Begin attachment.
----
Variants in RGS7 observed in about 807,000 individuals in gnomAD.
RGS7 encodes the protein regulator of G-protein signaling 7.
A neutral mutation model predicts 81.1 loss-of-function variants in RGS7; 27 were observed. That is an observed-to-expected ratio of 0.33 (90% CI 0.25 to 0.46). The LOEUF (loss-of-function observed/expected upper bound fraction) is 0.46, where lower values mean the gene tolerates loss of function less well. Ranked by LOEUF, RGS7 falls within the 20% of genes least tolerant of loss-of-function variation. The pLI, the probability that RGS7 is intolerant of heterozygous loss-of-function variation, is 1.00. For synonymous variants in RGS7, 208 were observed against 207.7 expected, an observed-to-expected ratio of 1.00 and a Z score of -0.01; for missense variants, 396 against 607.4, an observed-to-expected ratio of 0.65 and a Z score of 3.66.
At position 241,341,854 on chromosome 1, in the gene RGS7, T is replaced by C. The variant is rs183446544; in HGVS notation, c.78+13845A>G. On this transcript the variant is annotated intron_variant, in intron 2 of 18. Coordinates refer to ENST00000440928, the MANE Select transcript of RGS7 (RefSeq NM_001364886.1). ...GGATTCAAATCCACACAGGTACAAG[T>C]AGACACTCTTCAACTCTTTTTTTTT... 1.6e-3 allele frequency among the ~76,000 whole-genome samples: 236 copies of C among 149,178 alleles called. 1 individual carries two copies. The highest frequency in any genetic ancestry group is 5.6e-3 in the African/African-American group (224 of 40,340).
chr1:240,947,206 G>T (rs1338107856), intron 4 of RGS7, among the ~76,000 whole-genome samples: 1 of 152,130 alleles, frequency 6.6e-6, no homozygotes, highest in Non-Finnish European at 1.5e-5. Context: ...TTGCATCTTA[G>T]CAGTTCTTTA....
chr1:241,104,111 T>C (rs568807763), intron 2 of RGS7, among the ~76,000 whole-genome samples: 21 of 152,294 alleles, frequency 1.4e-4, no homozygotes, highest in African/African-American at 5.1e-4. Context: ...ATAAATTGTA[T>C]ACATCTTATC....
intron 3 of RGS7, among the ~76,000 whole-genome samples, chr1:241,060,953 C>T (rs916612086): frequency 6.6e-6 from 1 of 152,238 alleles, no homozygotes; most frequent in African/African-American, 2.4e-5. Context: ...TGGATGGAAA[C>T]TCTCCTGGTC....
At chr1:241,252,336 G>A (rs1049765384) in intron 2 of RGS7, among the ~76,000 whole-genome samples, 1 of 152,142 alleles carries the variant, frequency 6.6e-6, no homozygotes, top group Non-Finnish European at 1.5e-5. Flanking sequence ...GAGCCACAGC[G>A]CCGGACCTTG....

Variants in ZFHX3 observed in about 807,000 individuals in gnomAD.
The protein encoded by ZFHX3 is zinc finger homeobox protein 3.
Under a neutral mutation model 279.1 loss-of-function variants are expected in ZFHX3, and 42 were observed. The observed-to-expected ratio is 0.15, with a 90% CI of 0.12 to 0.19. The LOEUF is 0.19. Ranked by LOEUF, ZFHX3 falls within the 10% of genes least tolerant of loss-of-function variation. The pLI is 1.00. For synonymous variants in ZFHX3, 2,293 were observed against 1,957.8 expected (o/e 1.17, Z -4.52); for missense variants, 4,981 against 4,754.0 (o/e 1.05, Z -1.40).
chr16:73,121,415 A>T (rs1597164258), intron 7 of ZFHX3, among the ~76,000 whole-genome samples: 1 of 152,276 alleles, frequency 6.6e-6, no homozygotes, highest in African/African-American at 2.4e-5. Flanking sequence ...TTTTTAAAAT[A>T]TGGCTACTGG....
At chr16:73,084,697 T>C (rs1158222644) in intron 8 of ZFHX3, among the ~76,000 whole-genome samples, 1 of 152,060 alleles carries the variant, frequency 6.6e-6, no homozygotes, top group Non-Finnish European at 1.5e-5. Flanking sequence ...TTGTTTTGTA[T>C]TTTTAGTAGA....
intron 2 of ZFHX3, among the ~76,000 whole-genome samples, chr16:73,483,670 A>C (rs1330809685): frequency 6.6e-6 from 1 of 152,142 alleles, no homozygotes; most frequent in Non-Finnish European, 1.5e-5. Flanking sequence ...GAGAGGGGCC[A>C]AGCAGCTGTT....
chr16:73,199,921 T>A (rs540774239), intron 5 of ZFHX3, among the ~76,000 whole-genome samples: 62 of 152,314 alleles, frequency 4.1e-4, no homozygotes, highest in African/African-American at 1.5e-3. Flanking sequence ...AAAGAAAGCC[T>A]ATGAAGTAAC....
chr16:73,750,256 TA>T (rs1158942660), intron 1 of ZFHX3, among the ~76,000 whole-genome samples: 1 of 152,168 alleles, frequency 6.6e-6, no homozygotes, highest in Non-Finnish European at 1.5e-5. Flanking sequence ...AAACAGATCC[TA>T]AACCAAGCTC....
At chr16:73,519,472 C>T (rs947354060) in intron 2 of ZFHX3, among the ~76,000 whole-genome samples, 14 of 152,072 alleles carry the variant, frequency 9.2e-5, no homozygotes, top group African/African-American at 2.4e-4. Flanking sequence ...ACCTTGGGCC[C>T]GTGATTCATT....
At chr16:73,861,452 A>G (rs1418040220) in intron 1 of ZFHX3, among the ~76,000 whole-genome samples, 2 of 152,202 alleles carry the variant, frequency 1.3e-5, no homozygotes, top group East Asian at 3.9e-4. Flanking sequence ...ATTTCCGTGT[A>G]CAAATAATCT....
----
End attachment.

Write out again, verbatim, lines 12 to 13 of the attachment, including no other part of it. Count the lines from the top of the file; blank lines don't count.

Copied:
chr16:73,121,415 A>T (rs1597164258), intron 7 of ZFHX3, among the ~76,000 whole-genome samples: 1 of 152,276 alleles, frequency 6.6e-6, no homozygotes, highest in African/African-American at 2.4e-5. Flanking sequence ...TTTTTAAAAT[A>T]TGGCTACTGG....
At chr16:73,084,697 T>C (rs1158222644) in intron 8 of ZFHX3, among the ~76,000 whole-genome samples, 1 of 152,060 alleles carries the variant, frequency 6.6e-6, no homozygotes, top group Non-Finnish European at 1.5e-5. Flanking sequence ...TTGTTTTGTA[T>C]TTTTAGTAGA....